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Erik Friedlander Presents Solo Cello Performance at The Jewish Museum, 10/18

Related: Erik Friedlander, The Jewish Museum,

Cellist Erik Friedlander will respond to the medieval manuscripts in the current exhibition Crossing Borders: Manuscripts from the Bodleian Libraries with a solo performance premiering new, original compositions in The Jewish Museum's galleries on Thursday, October 18 at 6:30pm. This event continues Writers and Artists Respond, a series of thought provoking discussions and performances by artists, musicians and writers in the Museum's galleries.

Tickets for the October 18 performance are FREE with Museum admission. A limited number of stools will be provided to attendees on a first come-first served basis.

For further information regarding programs at The Jewish Museum, the public may visit TheJewishMuseum.org/publicprograms.

Upcoming participants in the Writers and Artists Respond series include sculptor Kiki Smith and Alexander Nagel of the Institute of Fine Arts on January 17 and writer and poet Amir Parsa on January 31.

Erik Friedlander is a highly regarded composer, improviser and veteran of New York's downtown music scene. His fifteen releases include American Power, a suite of six solo pieces released on a limited-edition LP; the rustically soulful Bonebridge; The Broken Arm Trio, a tribute to jazz bassist Oscar Pettiford; and Block Ice & Propane, his solo cello reinterpretation of American roots music. His compositions and his improvising style are informed by an understanding of classical and popular styles and an evolving vision of what a cellist can be pushed to achieve. Nate Chinen of The New York Times called Friedlander "an ingenious cellist who makes an art of soulful rusticity." Billboard wrote, "Friedlander [is] one of today's most ingenious and forward-thinking musical practicioners."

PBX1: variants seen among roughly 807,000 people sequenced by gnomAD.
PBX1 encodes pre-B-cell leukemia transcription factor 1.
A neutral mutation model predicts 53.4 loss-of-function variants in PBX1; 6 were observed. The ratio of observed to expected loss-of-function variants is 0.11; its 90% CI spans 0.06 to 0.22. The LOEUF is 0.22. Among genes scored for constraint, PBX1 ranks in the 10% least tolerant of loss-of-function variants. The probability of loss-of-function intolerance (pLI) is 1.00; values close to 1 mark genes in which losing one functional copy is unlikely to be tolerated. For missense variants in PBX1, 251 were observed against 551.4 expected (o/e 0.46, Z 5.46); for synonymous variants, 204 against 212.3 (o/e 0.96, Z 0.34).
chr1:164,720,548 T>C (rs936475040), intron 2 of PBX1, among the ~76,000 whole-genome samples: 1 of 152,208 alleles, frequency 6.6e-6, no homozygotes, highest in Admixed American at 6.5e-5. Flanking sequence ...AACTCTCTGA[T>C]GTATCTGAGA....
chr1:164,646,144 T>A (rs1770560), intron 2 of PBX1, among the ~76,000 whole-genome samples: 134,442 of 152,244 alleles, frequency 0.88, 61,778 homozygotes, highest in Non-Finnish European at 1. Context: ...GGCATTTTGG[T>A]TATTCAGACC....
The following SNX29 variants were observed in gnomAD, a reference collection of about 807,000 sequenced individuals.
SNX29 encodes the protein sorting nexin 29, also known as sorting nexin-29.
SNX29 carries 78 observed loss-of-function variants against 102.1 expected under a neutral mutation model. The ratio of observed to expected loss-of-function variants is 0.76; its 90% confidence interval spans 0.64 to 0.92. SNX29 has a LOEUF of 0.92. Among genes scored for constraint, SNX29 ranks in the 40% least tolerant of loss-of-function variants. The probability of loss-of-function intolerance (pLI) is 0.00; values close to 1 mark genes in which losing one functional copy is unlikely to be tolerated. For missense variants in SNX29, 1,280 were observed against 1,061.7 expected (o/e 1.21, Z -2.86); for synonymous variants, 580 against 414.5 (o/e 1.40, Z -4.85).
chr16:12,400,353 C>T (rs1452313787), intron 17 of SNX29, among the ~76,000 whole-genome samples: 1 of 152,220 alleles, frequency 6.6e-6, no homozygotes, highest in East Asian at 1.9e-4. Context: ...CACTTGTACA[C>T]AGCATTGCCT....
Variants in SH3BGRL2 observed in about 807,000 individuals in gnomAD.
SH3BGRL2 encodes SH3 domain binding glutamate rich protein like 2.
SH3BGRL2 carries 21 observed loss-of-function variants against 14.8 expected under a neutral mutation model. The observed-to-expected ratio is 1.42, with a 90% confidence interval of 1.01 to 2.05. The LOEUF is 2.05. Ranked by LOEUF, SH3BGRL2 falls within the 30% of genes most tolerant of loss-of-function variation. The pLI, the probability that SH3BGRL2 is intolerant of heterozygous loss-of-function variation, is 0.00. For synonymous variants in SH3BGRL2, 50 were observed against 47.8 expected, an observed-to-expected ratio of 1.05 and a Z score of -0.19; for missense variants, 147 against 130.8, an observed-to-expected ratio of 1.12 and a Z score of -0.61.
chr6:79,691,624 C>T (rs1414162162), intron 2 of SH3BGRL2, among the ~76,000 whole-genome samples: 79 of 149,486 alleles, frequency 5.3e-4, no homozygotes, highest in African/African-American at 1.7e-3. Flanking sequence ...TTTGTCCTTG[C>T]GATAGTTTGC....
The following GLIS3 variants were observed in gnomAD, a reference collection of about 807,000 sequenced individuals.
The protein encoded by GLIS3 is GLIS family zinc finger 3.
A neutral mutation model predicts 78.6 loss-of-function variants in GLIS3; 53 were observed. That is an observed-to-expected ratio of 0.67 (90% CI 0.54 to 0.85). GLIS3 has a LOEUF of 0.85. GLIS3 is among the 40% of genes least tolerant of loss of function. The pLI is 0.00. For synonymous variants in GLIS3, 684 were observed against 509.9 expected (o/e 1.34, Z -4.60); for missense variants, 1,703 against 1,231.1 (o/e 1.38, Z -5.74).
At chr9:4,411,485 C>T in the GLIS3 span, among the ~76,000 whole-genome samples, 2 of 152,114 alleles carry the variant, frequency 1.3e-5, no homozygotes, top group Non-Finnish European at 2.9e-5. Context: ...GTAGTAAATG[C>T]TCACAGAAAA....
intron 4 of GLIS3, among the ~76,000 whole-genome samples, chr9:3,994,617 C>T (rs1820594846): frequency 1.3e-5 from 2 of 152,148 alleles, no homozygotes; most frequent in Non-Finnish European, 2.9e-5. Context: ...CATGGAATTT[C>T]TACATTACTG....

England's Bodleian Library at Oxford University, established by Sir Thomas Bodley in 1602 and now the largest of the University's group of 'Bodleian Libraries', is renowned for its great treasures. Among them is one of the most important collections of medieval Hebrew illuminated manuscripts in the world. The Jewish Museum is presenting Crossing Borders: Manuscripts from the Bodleian Libraries through February 3, 2013. This exhibition features over 60 works - Hebrew, Arabic, and Latin manuscripts - the majority of which have never been seen in the United States. Several paintings and printed books are also on view. Included is the splendid Kennicott Bible, the most lavishly illuminated Hebrew Bible to survive from medieval Spain, as well as two works in the hand of Maimonides, one of the most prominent Jewish philosophers and rabbinic authorities. This exhibition is based on Crossing Borders: Hebrew Manuscripts as a Meeting-place of Cultures co-curated by Piet van Boxel and Sabine Arndt for The Bodleian Library. The New York City presentation has been organized by The Jewish Museum's Curator Claudia Nahson.

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